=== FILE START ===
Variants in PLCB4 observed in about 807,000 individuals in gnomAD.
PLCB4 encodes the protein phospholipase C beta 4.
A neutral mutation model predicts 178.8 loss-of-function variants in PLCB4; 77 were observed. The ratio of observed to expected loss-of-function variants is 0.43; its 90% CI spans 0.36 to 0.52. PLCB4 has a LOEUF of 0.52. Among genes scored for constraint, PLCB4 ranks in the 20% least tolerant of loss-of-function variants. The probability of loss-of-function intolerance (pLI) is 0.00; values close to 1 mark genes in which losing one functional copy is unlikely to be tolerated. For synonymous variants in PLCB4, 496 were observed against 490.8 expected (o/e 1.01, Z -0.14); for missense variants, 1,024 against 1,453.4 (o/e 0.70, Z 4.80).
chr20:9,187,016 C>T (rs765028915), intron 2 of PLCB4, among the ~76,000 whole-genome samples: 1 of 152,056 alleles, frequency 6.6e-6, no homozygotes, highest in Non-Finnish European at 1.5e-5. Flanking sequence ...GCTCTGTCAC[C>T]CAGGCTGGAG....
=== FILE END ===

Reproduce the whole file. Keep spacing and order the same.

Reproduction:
Variants in PLCB4 observed in about 807,000 individuals in gnomAD.
PLCB4 encodes the protein phospholipase C beta 4.
A neutral mutation model predicts 178.8 loss-of-function variants in PLCB4; 77 were observed. The ratio of observed to expected loss-of-function variants is 0.43; its 90% CI spans 0.36 to 0.52. PLCB4 has a LOEUF of 0.52. Among genes scored for constraint, PLCB4 ranks in the 20% least tolerant of loss-of-function variants. The probability of loss-of-function intolerance (pLI) is 0.00; values close to 1 mark genes in which losing one functional copy is unlikely to be tolerated. For synonymous variants in PLCB4, 496 were observed against 490.8 expected (o/e 1.01, Z -0.14); for missense variants, 1,024 against 1,453.4 (o/e 0.70, Z 4.80).
chr20:9,187,016 C>T (rs765028915), intron 2 of PLCB4, among the ~76,000 whole-genome samples: 1 of 152,056 alleles, frequency 6.6e-6, no homozygotes, highest in Non-Finnish European at 1.5e-5. Flanking sequence ...GCTCTGTCAC[C>T]CAGGCTGGAG....